I have to admit that the last 30 days have taken some of the edge off global warming, at least temporarily, because the weather in Northern California has been generally SPECTACULAR. A few cloudy, overcast days (like today), sure, but overall just pure robin's egg blue skies, sunshine, and daytime temps ranging from mid-60s to 80. Thank You, Lord, for that. However, having said that, I would like to express my thanks, also, for the downpours, complete with plenty of thunder and lightning, that recently have been banging around my windows and scaring my dogs silly. We need a whole bunch of these days, and sooner rather than later, lest we experience the whole Dust Bowl scenario again, except this time in reverse. No one, not even Steinbeck, if he were still able, wants to deal with it...
Taking that as a jumping off point, let's consider the opportunities that abound here in the North State (if we continue to exist in our present condition) for those like me and thousands more who love the outdoors. Just in my little neighborhood (which does, in fact, consist of several million acres of mountains, rivers, lakes, forests, and other such God-granted blessings) there is a multitude of green, isolated, silent and lonely places for a person to go to reflect and examine themselves and their lives. One of those is a spot my dog companion Lulu and I have recently discovered and now haunt weekly, the Mule Mountain/Wintu/Meiner's Loop trail complex in the Swasey Recreation Area a few miles west of Redding, just off highway 299. I haven't yet done the math required to figure out how many miles of trail are actually present within the borders of Swasey, but it's a bunch: my guess, based on my and Lulu's wanderings, is that it probably totals somewhere around 25, maybe as high as 30. And they're beautiful miles, all of them. The trails wind through, over, and around the surrounding foothills, right now green and blooming with scattered meadows of wildflowers and native grasses. There is one primary creek flowing through the complex, running cold and crystal clear at present, and you can expect to see at least two or three folks panning for gold in various sections of its run on any weekend day. This creek crosses the trail system in so many places that I have yet to figure out whether it's all one body of water, or if there might be several smaller tributaries at work. Elevation changes are fairly gentle, with only a few climbs that qualify as "taxing", and there are many places where small meadows and grassy slopes double as picnic areas for those hikers who want to stop and enjoy a peaceful break in their day. All-in-all, the Swasey Area complex is a hidden North State treasure for outdoor enthusiasts looking for a casual day in the hills away from civilization and all its nonsense, but still close enough to the night lights of a moderate-size city to afford some pretty decent restaurants and good sleeping accommodations. Check it out if you're a travelling hiker, mountain biker, trail runner, or if you just like to be outside. If you have trouble finding information, contact me.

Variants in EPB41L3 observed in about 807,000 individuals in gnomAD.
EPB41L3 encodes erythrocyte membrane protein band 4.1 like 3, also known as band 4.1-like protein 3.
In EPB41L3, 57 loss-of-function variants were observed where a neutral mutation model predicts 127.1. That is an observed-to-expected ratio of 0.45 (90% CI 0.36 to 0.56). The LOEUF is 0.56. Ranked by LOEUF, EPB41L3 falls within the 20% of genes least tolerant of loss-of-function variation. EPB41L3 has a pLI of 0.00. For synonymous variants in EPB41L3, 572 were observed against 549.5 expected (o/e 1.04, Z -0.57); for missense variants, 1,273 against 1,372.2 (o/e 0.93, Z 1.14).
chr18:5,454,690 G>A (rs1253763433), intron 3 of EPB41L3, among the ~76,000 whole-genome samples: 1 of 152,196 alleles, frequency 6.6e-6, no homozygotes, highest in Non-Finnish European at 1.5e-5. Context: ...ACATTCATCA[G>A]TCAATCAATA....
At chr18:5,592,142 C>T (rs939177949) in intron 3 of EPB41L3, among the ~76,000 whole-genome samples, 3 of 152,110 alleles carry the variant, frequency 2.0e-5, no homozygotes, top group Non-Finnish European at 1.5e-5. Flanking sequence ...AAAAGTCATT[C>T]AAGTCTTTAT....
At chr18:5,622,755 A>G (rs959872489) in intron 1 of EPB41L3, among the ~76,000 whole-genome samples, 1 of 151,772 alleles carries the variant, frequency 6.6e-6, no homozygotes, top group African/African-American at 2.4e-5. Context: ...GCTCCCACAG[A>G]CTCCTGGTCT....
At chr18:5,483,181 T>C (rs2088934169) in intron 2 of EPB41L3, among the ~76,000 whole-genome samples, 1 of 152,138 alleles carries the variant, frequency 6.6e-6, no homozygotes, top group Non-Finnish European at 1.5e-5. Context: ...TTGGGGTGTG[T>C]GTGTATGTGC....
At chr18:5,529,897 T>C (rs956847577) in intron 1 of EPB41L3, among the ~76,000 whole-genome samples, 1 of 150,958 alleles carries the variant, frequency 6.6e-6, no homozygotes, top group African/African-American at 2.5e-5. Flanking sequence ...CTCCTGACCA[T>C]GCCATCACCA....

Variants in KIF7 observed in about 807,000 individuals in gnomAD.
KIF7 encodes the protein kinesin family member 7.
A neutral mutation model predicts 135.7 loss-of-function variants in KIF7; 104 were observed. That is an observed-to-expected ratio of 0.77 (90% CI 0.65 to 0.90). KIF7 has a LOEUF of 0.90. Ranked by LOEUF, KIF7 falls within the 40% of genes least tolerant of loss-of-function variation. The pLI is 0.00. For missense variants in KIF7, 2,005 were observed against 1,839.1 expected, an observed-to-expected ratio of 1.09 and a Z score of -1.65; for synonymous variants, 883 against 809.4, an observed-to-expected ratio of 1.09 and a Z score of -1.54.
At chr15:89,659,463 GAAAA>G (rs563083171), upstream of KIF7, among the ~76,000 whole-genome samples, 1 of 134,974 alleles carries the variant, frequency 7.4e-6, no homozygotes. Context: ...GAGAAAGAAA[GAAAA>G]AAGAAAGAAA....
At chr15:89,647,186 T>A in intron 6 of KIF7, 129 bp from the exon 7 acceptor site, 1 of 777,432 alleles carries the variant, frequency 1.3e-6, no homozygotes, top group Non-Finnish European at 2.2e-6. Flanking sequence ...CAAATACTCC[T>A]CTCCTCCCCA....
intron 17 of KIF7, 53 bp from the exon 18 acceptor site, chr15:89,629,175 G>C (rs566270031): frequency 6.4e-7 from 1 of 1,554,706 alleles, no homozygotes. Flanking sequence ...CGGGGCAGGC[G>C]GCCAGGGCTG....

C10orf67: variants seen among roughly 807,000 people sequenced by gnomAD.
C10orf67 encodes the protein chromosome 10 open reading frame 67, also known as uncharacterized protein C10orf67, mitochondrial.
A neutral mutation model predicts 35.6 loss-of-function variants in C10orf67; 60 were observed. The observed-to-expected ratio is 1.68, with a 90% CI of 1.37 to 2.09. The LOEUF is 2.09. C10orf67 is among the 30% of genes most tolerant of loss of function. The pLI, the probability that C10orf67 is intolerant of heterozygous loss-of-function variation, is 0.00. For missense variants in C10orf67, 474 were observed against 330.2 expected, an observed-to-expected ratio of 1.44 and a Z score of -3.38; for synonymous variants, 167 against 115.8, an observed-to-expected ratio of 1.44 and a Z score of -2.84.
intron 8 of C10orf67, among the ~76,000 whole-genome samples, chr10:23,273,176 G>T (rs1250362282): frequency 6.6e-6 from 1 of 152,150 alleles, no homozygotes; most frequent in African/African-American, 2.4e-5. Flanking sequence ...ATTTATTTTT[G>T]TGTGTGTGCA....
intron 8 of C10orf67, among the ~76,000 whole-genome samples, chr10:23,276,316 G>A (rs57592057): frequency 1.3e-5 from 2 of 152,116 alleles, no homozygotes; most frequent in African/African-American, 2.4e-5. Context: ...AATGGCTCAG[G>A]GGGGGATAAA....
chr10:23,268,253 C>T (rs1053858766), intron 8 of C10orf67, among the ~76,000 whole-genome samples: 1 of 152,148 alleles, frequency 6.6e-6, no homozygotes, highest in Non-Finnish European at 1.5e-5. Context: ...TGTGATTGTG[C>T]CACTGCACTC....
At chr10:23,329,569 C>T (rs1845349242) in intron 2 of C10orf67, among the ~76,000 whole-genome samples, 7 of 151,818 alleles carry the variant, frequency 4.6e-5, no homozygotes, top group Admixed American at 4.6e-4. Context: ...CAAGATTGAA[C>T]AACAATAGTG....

Just acquired a cd release of the Grateful Dead's November 1972 show at Hofheinz Pavilion at the University of Houston. I was at that show, and it was probably the best live concert I ever saw. If you're a fan, you can get a copy at the Dead's official website (www.dead.net). Typical great variations on Bertha, Sugar Magnolia, etc, and a once-in-your-lifetime 25-minute takeoff on Playing In The Band. Really good stuff.
More bad news today regarding the drought: the mountain snowpack is now at 5% plus or minus, a significant change from the last dismal report a month or so ago that put it at 19% plus or minus. It certainly appears that things are going to get a lot worse before they improve, and we might as well get ready. The state has already begun implementing serious restrictions on water usage, and the pocketbooks of offenders will be punished to varying degrees of severity depending on location and type of offense, but it's coming sooner rather than later, and it won't be pretty. Fortunately, most people seem to grasp the gravity of our situation, and are reacting accordingly, doing their best to conserve, but there remain a number of slimeballs and clowns who don't believe that the laws applky to them. Peer pressure and "water vigilantes" will rectify most of those issues during the coming summer months, but it's going to be be a brutal year no matter what happens, especially for farmers and ranchers. We'll see what impact it has on agriculture, most particularly the wine industry, as the growing season progresses. Irrigation isn't an issue with many growers, particularly those who "dry farm" vineyards specifically for fine wines, but is a much larger factor for those who farm on a commercial basis for the production of bulk wines and table grapes. The latter are likely to suffer substantial losses. We'll see.
Speaking of wine, we enjoyed another bottle from McNab's latest mailing a day or so ago: the 2012 Cononiah Vineyard Zinfandel. This one barely edges under our price ceiling for "workingman's wine" at $26 from the winery, but it's a very good value at the price. Deep purple-to-black color, a big rustic bouquet of blackberries, wet earth, rose petals, and tar, followed by rich and expansive black fruit on the palate make for a classic Mendocino zin that is reminiscent of some of the old Fetzer zins from their Talmage Ranch, as well as some of John Parducci's wines from the early and mid-'70s. Again, we don't know exactly how well distributed McNab's wines are since the winery hasn't communicated with us to date, but they're worth seeking out, and very good values. They may not be practical for those of you working on wine lists, but perhaps the winery will help us out on this.
I'm out for now...Shasta remains quiet with no UFO activity reported. Sorry.